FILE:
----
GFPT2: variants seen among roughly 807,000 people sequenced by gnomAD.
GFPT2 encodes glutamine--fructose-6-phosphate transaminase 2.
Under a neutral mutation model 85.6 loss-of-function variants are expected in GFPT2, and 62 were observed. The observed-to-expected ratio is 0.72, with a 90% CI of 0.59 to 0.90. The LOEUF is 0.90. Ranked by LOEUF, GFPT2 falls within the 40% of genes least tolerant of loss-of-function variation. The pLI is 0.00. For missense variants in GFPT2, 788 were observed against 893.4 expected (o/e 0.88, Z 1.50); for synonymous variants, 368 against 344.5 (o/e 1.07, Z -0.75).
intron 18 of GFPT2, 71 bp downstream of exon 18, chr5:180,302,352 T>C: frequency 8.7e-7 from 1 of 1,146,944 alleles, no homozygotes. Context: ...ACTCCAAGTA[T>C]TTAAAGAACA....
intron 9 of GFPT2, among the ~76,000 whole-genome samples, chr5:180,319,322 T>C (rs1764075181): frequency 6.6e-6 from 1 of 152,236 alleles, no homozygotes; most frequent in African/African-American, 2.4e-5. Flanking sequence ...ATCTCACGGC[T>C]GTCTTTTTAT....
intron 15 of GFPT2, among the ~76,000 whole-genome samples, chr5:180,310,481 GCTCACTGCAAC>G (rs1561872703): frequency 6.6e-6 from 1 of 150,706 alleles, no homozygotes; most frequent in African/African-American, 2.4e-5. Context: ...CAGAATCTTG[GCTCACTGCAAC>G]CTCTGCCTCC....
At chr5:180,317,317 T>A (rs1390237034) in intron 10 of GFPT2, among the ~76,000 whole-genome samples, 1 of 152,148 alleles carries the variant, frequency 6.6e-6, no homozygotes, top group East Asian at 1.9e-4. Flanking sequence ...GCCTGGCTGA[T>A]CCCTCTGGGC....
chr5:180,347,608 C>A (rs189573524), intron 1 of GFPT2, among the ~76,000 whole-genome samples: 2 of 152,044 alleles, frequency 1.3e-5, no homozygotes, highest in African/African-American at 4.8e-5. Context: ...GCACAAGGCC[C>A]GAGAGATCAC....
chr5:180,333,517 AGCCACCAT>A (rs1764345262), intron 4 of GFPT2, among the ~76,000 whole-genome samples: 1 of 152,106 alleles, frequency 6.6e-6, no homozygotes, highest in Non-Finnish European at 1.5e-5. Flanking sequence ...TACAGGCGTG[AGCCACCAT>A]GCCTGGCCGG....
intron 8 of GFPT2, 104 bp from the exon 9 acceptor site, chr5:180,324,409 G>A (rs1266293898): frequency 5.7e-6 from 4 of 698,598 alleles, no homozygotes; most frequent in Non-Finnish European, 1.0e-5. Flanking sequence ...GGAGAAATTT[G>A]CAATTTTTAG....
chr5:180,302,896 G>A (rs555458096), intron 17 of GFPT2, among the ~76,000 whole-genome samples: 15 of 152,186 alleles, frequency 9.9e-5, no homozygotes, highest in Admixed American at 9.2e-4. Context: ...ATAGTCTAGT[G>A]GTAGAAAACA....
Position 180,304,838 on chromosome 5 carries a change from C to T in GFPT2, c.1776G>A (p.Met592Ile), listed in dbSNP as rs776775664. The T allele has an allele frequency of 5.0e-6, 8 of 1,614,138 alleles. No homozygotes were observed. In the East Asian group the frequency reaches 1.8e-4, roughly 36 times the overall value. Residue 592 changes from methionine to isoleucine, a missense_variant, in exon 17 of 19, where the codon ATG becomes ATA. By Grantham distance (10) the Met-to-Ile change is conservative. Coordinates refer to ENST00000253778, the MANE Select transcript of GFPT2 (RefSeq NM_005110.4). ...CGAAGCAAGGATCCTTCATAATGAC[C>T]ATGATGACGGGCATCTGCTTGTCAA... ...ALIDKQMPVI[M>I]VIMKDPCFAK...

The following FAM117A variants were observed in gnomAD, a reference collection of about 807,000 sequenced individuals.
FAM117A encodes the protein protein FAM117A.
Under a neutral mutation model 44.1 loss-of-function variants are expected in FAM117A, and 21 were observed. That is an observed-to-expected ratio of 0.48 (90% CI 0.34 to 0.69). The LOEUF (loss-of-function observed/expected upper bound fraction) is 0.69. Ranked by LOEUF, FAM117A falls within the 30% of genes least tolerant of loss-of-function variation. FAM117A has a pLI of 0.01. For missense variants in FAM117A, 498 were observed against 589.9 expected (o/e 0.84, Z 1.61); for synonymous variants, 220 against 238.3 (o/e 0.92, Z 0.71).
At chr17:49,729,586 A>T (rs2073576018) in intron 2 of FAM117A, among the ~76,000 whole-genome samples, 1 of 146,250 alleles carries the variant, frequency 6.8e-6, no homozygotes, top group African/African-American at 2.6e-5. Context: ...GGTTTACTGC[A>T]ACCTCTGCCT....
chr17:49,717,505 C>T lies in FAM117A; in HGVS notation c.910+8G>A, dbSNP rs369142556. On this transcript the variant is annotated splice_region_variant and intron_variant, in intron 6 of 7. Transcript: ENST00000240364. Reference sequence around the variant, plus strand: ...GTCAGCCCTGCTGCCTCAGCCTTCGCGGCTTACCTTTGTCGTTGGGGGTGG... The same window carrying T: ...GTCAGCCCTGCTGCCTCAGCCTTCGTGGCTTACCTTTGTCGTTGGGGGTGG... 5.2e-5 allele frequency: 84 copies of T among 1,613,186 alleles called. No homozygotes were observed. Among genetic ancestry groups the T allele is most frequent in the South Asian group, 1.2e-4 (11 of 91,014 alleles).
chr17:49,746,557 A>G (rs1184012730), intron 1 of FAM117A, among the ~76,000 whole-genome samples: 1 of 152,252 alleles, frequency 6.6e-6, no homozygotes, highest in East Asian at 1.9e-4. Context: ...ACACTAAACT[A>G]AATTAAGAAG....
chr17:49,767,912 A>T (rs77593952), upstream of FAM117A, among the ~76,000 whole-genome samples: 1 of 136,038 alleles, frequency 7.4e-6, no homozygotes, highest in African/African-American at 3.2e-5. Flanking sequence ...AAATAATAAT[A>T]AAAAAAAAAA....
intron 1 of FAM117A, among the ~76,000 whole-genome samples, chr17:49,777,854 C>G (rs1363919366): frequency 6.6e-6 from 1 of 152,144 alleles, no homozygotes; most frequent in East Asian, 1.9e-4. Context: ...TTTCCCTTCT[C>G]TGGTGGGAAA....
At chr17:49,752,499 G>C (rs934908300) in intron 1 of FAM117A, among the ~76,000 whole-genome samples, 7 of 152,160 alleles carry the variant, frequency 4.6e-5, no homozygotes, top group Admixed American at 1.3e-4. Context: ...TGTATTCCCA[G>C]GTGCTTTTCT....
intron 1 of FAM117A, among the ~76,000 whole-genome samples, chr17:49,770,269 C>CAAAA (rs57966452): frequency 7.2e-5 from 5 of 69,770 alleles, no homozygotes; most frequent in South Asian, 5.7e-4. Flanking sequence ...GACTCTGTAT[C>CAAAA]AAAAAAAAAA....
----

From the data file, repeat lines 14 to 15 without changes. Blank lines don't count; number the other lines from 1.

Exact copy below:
FAM117A encodes the protein protein FAM117A.
Under a neutral mutation model 44.1 loss-of-function variants are expected in FAM117A, and 21 were observed. That is an observed-to-expected ratio of 0.48 (90% CI 0.34 to 0.69). The LOEUF (loss-of-function observed/expected upper bound fraction) is 0.69. Ranked by LOEUF, FAM117A falls within the 30% of genes least tolerant of loss-of-function variation. FAM117A has a pLI of 0.01. For missense variants in FAM117A, 498 were observed against 589.9 expected (o/e 0.84, Z 1.61); for synonymous variants, 220 against 238.3 (o/e 0.92, Z 0.71).